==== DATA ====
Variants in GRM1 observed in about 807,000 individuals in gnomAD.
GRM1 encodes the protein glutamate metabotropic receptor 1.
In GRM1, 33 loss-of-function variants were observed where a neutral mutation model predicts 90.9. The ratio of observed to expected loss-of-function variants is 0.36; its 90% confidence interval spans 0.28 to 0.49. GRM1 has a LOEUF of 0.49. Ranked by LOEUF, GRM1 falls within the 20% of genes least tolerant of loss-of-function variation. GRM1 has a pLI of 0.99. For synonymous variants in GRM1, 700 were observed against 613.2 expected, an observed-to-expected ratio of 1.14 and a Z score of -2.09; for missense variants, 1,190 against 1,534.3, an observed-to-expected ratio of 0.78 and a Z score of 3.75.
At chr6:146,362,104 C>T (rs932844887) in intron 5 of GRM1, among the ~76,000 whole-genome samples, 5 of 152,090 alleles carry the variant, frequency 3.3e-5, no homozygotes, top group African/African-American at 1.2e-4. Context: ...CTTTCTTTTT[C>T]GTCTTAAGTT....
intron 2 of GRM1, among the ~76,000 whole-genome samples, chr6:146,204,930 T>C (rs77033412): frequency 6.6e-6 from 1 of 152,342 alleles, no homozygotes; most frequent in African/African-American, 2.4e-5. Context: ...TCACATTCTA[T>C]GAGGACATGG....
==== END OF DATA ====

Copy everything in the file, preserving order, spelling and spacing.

Variants in GRM1 observed in about 807,000 individuals in gnomAD.
GRM1 encodes the protein glutamate metabotropic receptor 1.
In GRM1, 33 loss-of-function variants were observed where a neutral mutation model predicts 90.9. The ratio of observed to expected loss-of-function variants is 0.36; its 90% confidence interval spans 0.28 to 0.49. GRM1 has a LOEUF of 0.49. Ranked by LOEUF, GRM1 falls within the 20% of genes least tolerant of loss-of-function variation. GRM1 has a pLI of 0.99. For synonymous variants in GRM1, 700 were observed against 613.2 expected, an observed-to-expected ratio of 1.14 and a Z score of -2.09; for missense variants, 1,190 against 1,534.3, an observed-to-expected ratio of 0.78 and a Z score of 3.75.
At chr6:146,362,104 C>T (rs932844887) in intron 5 of GRM1, among the ~76,000 whole-genome samples, 5 of 152,090 alleles carry the variant, frequency 3.3e-5, no homozygotes, top group African/African-American at 1.2e-4. Context: ...CTTTCTTTTT[C>T]GTCTTAAGTT....
intron 2 of GRM1, among the ~76,000 whole-genome samples, chr6:146,204,930 T>C (rs77033412): frequency 6.6e-6 from 1 of 152,342 alleles, no homozygotes; most frequent in African/African-American, 2.4e-5. Context: ...TCACATTCTA[T>C]GAGGACATGG....